Hyundai has finally and emphatically ruled out any move to match the seven-year new-car warranty at its partner brand, Kia.
Quizzed about the chance for a warranty extension in Australia, the chief operating officer of Hyundai Australia delivered a blunt, one-word answer.
“Never,” John Kett told CarExpert. “We’ve toyed with this for so long that we’ve moved on beyond it.”
Mr Kett’s one-word verdict is the most emphatic statement on Hyundai’s warranty since it moved to a five-year package as part of the value-driven philosophy that made it first into drive-away pricing in Australia with stickers always ending in $990.
He admitted a warranty extension had been investigated and costed more than once, but the potential benefits were not good enough.
“We’ve just got to be comfortable in our skin … without having to match on price, dollar-for-dollar, and warranty,” he said.
Apart from Kia, Hyundai has also fallen behind Mitsubishi on warranty, with Chinese brands also in front.
Talking about warranty and pricing, Mr Kett said Hyundai is making fundamental changes to its brand position in Australia.
“They are both incredible tools and have done a great job for us. But for us to shift our business where we want, which is away from deep discounting, things need to change.
“In the priority of the things we need to do, it ranks the lowest. Brand, for us, is the key factor.”
Hyundai trailed Kia in the sales race to the end of September, with 56,958 new cars delivered relative to 59,123 respectively according to VFACTS totals, but Mr Kett is not concerned.
He said Hyundai is rebounding strongly from COVID-19 and significant backlogs in deliveries, although its nine-month total for 2023 is still behind the 58,103 of 2022.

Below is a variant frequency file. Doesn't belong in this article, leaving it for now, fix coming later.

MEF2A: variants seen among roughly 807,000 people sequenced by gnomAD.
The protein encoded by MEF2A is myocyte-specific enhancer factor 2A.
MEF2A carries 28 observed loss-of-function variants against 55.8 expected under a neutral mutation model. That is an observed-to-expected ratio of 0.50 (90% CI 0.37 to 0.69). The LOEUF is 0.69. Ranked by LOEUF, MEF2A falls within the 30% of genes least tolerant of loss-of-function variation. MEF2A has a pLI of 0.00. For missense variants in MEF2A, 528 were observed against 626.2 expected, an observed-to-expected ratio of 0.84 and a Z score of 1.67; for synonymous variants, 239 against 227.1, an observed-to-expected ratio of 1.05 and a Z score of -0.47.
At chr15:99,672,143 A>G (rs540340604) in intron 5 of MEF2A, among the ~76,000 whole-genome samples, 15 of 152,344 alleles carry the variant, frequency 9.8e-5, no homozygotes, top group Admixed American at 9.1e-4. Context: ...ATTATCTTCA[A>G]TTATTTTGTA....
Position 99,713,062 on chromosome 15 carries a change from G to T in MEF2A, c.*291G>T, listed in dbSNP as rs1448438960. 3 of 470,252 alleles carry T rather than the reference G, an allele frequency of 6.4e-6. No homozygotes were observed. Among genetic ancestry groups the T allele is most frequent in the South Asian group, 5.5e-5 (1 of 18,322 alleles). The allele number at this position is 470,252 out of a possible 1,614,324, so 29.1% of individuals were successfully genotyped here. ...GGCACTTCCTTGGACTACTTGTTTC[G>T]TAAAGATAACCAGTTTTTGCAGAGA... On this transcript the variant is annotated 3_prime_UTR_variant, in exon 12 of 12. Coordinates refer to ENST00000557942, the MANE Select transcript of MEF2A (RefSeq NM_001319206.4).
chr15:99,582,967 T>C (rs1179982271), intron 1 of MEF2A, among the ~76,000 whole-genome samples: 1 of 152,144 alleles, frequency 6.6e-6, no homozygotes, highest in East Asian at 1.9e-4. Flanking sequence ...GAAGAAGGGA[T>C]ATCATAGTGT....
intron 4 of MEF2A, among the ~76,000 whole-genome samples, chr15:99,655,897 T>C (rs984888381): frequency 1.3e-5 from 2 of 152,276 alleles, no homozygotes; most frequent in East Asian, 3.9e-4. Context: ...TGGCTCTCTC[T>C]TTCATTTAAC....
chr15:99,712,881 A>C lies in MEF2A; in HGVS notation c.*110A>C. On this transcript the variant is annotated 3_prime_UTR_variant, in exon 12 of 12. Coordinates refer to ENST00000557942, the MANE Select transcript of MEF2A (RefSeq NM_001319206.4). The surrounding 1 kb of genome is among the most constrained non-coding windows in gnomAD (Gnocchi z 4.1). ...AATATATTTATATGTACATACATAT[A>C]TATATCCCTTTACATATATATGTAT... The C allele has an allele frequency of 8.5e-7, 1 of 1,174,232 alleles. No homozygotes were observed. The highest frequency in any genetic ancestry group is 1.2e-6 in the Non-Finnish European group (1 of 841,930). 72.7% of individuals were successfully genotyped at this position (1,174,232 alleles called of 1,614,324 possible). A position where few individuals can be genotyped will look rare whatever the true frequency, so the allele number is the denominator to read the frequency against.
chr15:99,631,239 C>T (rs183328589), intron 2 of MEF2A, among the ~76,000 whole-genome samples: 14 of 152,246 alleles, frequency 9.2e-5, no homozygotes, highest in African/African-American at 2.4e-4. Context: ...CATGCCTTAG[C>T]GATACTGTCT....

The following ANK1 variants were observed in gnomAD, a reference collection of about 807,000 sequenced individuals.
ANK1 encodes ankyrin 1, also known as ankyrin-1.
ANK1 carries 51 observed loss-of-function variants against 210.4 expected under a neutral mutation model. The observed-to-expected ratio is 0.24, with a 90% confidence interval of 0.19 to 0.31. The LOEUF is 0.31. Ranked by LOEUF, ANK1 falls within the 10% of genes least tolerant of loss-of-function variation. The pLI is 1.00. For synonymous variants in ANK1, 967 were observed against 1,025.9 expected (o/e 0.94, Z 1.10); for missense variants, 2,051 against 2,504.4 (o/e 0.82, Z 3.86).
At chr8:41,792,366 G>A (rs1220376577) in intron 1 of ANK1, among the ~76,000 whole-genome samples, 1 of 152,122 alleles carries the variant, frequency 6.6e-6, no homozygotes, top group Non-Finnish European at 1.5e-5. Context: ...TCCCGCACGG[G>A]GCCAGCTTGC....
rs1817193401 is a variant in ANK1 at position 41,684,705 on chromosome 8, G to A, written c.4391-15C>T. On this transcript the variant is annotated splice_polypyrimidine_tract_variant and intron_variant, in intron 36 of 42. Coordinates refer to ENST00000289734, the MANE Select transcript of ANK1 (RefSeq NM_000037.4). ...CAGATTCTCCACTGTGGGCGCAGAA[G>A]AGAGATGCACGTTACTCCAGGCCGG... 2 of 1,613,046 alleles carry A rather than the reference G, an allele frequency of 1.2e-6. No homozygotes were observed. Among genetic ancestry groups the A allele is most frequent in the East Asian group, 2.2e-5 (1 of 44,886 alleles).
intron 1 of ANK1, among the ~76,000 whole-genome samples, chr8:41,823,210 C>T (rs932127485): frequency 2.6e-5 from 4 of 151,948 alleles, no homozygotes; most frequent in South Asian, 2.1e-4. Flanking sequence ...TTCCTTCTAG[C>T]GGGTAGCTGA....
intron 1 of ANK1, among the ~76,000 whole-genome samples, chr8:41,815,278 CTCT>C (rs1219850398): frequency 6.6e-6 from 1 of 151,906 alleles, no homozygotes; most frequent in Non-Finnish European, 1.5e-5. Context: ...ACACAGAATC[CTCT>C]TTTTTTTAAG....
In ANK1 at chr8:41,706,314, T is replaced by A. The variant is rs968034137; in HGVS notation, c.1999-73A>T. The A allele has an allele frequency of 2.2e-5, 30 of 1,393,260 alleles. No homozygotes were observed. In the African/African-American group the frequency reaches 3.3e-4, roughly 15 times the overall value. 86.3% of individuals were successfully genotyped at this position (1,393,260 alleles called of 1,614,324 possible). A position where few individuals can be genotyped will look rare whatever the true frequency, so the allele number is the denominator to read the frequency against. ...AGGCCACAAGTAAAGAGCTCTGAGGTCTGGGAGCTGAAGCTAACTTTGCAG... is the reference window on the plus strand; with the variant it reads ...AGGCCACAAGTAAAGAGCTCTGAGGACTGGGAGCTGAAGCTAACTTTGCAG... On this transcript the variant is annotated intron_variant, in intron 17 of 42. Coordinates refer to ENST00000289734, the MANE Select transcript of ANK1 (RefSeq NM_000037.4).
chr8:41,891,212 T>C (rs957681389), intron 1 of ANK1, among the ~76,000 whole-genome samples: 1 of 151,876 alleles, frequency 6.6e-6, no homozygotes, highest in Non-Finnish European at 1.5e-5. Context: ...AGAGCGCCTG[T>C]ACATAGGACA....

“We’re trying to get extra production slots. Each month the demand is growing. It’s starting to meet what we expected for this year
“We’ll be 75,000 or 76,000 this year by the December closes. So we’ll get back ahead of last year.”
Mr Kett also reported a surprisingly-low rate of cross shopping between Hyundai and Kia, based on his company’s internal research.
“The cross-shopping is not as prevalent as what people might think,” he said.
Still, there is competition and he concedes some advantages for Kia.
“At the end of the day, they have a portfolio advantage with Rio and Picanto. In fairness, they have got some benefit at entry,” he said. “That rivalry really exists. It’s good, it’s strong and it’s respectful. But we’ve got our eyes on the price.
“We’ve got incredible loyalty in our brands. We’ve got an incredibly big carparc. Future intenders know who we are.
“Together we’re number two in Australia. So we’re doing a pretty solid job.
“It would be nice to win. But give-or-take 1000 cars separating us, it’s not a bad job.”